One of the most important lessons I’ve learned in my career is that most large software projects fail . Whereas roughly three out of four of small IT projects (less than $1 million) are completed successfully, only one out of ten large projects (greater than $10 million) are completed on time and on budget, and more than one third of large projects are never completed at all (data from The Standish Group, “CHAOS Manifesto 2013: Think Big, Act Small”).This is why I always get worried when I see a team try to not only adopt IaC, but to do so all at once, across a huge amount of infrastructure, across every team, and often as part of an even bigger initiative. I can’t help but shake my head when I see the CEO or CTO of a large company give marching orders that everything must be migrated to the cloud, the old datacenters must be shut down, and that everyone will “do DevOps” (whatever that means), all within six months. I’m not exaggerating when I say that I’ve seen this pattern several dozen times, and without exception, every single one of these initiatives has failed. Inevitably, two to three years later, every one of these companies is still working on the migration, the old datacenter is still running, and no one can tell whether they are really doing DevOps.If you want to successfully adopt IaC, or if you want to succeed at any other type of migration project, the only sane way to do it is incrementally. The key to incrementalism is not just splitting up the work into a series of small steps, but to split up the work in such a way that every step brings its own value—even if the later steps never happen.

To understand why this is so important, consider the opposite, false incrementalism. Suppose that you do a huge migration project, broken up into several small steps, but the project doesn’t offer any real value until the very final step is completed. For example, the first step is to rewrite the frontend, but you don’t launch it, because it relies on a new backend. Then, you rewrite the backend, but you don’t launch that either, because it doesn’t work until data is migrated to a new data store. And then, finally, the last step is to do the data migration. Only after this last step do you finally launch everything and begin realizing any value from doing all this work. Waiting until the very end of a project to get any value is a big risk. If that project is canceled or put on hold or significantly changed part way through, you might get zero value out of it, despite a lot of investment.In fact, this is exactly what happens with many large migration projects. The project is big to begin with, and like most software projects, it takes much longer than expected. During that time, market conditions change, or the original stakeholders lose patience (e.g., the CEO was OK with spending three months to clean up tech debt, but after 12 months, it’s time to begin shipping new products), and the project ends up getting canceled before completion. With false incrementalism, this gives you the worst possible outcome: you’ve paid a huge cost and received absolutely nothing in return.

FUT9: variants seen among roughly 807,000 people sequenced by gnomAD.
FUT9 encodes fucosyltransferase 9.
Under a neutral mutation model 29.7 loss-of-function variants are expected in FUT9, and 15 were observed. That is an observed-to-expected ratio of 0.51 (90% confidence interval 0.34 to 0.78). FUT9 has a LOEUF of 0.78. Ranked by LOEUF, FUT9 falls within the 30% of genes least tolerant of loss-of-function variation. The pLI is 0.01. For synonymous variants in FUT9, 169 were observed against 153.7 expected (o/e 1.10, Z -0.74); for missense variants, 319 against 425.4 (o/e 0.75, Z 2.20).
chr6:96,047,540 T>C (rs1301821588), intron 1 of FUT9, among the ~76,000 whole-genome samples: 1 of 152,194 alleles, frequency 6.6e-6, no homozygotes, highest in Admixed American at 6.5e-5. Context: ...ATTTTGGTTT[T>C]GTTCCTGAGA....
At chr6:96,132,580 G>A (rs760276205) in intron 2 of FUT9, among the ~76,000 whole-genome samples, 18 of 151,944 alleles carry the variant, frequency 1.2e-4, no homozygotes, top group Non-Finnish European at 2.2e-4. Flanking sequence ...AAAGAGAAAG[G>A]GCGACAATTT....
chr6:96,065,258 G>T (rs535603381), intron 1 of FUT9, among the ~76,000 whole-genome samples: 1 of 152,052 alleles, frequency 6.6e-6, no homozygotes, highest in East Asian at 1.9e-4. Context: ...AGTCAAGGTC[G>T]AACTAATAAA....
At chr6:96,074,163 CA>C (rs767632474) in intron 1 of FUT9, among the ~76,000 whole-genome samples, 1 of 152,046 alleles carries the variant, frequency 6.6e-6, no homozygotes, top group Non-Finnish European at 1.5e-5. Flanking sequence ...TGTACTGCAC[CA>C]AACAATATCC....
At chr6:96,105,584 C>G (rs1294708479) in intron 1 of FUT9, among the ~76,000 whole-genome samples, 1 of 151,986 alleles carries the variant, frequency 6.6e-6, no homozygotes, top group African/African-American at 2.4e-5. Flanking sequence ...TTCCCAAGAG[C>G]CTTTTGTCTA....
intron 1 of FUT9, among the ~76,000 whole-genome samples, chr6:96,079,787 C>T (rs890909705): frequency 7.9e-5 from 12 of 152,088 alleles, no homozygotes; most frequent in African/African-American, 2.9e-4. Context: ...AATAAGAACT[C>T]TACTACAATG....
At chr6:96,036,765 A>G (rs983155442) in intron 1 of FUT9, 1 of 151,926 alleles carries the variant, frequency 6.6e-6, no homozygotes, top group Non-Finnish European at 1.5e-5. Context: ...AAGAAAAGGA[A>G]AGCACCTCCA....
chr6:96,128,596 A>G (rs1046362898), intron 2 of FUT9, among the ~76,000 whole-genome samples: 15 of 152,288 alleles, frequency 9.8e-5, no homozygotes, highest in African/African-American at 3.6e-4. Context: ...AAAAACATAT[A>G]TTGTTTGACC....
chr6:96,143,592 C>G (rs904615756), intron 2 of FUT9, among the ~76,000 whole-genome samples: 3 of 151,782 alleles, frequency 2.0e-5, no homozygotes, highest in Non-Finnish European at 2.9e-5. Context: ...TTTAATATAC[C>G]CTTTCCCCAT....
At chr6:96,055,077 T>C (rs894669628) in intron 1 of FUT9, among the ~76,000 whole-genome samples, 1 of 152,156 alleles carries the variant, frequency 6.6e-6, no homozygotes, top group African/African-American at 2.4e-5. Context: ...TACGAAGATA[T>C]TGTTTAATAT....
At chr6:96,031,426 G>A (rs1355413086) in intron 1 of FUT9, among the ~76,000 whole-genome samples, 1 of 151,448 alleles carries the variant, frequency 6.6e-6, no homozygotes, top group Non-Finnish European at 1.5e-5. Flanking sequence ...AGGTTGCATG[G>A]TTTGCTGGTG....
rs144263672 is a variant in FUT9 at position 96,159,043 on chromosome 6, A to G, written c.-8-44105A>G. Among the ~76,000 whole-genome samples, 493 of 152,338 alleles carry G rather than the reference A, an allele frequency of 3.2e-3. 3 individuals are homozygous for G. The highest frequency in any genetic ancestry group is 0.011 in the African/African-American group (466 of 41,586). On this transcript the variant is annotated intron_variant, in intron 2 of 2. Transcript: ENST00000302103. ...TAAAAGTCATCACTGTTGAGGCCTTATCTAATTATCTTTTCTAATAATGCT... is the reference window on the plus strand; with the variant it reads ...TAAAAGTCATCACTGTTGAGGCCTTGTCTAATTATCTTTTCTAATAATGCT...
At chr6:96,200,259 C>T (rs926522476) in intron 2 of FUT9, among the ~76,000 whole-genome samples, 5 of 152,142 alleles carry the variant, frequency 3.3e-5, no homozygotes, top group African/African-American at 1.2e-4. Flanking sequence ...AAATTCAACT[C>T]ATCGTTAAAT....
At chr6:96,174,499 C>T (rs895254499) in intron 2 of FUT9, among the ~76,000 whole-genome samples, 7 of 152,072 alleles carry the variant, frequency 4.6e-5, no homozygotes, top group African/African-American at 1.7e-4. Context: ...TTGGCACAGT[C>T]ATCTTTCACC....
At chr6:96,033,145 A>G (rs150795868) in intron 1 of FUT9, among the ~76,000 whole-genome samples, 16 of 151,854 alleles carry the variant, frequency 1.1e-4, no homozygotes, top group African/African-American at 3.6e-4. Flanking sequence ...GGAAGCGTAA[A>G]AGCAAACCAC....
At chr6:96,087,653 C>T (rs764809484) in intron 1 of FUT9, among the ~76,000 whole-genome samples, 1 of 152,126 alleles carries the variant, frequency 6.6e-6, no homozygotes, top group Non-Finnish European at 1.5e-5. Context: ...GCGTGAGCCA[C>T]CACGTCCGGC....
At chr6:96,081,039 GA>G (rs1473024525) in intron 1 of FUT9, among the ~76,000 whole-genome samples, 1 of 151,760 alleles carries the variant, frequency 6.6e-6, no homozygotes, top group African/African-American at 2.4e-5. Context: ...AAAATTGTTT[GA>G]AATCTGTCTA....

Therefore, incrementalism is essential. You want each part of the project to deliver some value so that even if the project doesn’t finish, no matter what step you got to, it was still worth doing. The best way to accomplish this is to focus on solving one, small, concrete problem at a time. For example, instead of trying to do a “big bang” migration to the cloud, try to identify one, small, specific app or team that is struggling, and work to migrate just them. Or instead of trying to do a “big bang” move to “DevOps,” try to identify a single, small, concrete problem (e.g., outages during deployment) and put in place a solution for that specific problem (e.g., automate the most problematic deployment with Terraform).If you can get a quick win by fixing one real, concrete problem right away, and making one team successful, you’ll begin to build momentum. That team can become your cheerleader and help convince other teams to migrate, too. Fixing the specific deployment issue can make the CEO happy and get you support to use IaC for more projects. This will allow you to go for another quick win, and another one after that. And if you can keep repeating this process — delivering value early and often — you’ll be far more likely to succeed at the larger migration effort. But even if the larger migration doesn’t work out, at least one team is more successful now, and one deployment process works better, so it was still worth the investment.

I hope that, at this point, it’s clear that adopting IaC can be a significant investment. It’s not something that will happen overnight. It’s not something that will happen magically, just because the manager gives you a nod. It will happen only through a deliberate effort of getting everyone on board, providing dedicated time for team members to ramp up, and making learning resources available.If you found this learning resource helpful, grab a copy of Terraform: Up & Running, 2nd edition to learn more, including how to configure CI / CD workflows for Terraform, how to test your Terraform code, and much more.